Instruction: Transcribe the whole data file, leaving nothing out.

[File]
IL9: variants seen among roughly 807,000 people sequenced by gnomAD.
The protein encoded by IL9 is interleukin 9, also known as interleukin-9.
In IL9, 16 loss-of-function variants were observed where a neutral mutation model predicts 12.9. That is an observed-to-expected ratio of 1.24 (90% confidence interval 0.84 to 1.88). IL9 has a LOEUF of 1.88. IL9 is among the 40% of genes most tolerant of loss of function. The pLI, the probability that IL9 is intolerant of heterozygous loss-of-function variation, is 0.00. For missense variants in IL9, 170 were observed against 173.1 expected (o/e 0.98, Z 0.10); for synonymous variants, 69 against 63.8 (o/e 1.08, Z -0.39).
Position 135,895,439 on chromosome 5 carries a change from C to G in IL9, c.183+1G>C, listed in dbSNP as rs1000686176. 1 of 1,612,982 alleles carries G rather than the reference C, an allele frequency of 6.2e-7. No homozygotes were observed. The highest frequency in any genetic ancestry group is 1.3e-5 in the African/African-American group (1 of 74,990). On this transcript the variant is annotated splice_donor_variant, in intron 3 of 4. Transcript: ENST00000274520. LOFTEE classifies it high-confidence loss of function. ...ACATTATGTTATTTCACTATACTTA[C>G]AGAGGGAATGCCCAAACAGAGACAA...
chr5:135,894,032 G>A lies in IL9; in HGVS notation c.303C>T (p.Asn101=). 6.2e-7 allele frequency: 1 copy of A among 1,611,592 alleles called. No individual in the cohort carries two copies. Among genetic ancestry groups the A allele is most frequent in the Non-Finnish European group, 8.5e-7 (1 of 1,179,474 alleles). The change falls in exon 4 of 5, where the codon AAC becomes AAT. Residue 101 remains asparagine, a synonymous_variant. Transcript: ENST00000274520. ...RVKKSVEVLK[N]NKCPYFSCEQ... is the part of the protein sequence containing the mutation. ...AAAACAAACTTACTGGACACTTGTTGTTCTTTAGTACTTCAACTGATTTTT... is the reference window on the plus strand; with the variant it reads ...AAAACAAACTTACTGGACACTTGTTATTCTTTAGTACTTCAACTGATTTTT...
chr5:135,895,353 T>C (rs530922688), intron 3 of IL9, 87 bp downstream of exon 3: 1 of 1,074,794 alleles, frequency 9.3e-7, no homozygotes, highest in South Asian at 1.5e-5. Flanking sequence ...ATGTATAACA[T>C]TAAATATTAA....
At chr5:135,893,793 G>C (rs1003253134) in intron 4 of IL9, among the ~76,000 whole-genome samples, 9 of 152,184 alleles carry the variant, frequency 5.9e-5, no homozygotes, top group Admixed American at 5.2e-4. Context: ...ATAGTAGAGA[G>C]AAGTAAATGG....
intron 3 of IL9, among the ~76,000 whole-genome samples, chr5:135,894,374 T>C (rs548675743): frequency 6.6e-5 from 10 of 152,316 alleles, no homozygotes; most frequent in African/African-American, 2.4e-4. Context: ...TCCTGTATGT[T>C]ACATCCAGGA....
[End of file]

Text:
IL9: variants seen among roughly 807,000 people sequenced by gnomAD.
The protein encoded by IL9 is interleukin 9, also known as interleukin-9.
In IL9, 16 loss-of-function variants were observed where a neutral mutation model predicts 12.9. That is an observed-to-expected ratio of 1.24 (90% confidence interval 0.84 to 1.88). IL9 has a LOEUF of 1.88. IL9 is among the 40% of genes most tolerant of loss of function. The pLI, the probability that IL9 is intolerant of heterozygous loss-of-function variation, is 0.00. For missense variants in IL9, 170 were observed against 173.1 expected (o/e 0.98, Z 0.10); for synonymous variants, 69 against 63.8 (o/e 1.08, Z -0.39).
Position 135,895,439 on chromosome 5 carries a change from C to G in IL9, c.183+1G>C, listed in dbSNP as rs1000686176. 1 of 1,612,982 alleles carries G rather than the reference C, an allele frequency of 6.2e-7. No homozygotes were observed. The highest frequency in any genetic ancestry group is 1.3e-5 in the African/African-American group (1 of 74,990). On this transcript the variant is annotated splice_donor_variant, in intron 3 of 4. Transcript: ENST00000274520. LOFTEE classifies it high-confidence loss of function. ...ACATTATGTTATTTCACTATACTTA[C>G]AGAGGGAATGCCCAAACAGAGACAA...
chr5:135,894,032 G>A lies in IL9; in HGVS notation c.303C>T (p.Asn101=). 6.2e-7 allele frequency: 1 copy of A among 1,611,592 alleles called. No individual in the cohort carries two copies. Among genetic ancestry groups the A allele is most frequent in the Non-Finnish European group, 8.5e-7 (1 of 1,179,474 alleles). The change falls in exon 4 of 5, where the codon AAC becomes AAT. Residue 101 remains asparagine, a synonymous_variant. Transcript: ENST00000274520. ...RVKKSVEVLK[N]NKCPYFSCEQ... is the part of the protein sequence containing the mutation. ...AAAACAAACTTACTGGACACTTGTTGTTCTTTAGTACTTCAACTGATTTTT... is the reference window on the plus strand; with the variant it reads ...AAAACAAACTTACTGGACACTTGTTATTCTTTAGTACTTCAACTGATTTTT...
chr5:135,895,353 T>C (rs530922688), intron 3 of IL9, 87 bp downstream of exon 3: 1 of 1,074,794 alleles, frequency 9.3e-7, no homozygotes, highest in South Asian at 1.5e-5. Flanking sequence ...ATGTATAACA[T>C]TAAATATTAA....
At chr5:135,893,793 G>C (rs1003253134) in intron 4 of IL9, among the ~76,000 whole-genome samples, 9 of 152,184 alleles carry the variant, frequency 5.9e-5, no homozygotes, top group Admixed American at 5.2e-4. Context: ...ATAGTAGAGA[G>C]AAGTAAATGG....
intron 3 of IL9, among the ~76,000 whole-genome samples, chr5:135,894,374 T>C (rs548675743): frequency 6.6e-5 from 10 of 152,316 alleles, no homozygotes; most frequent in African/African-American, 2.4e-4. Context: ...TCCTGTATGT[T>C]ACATCCAGGA....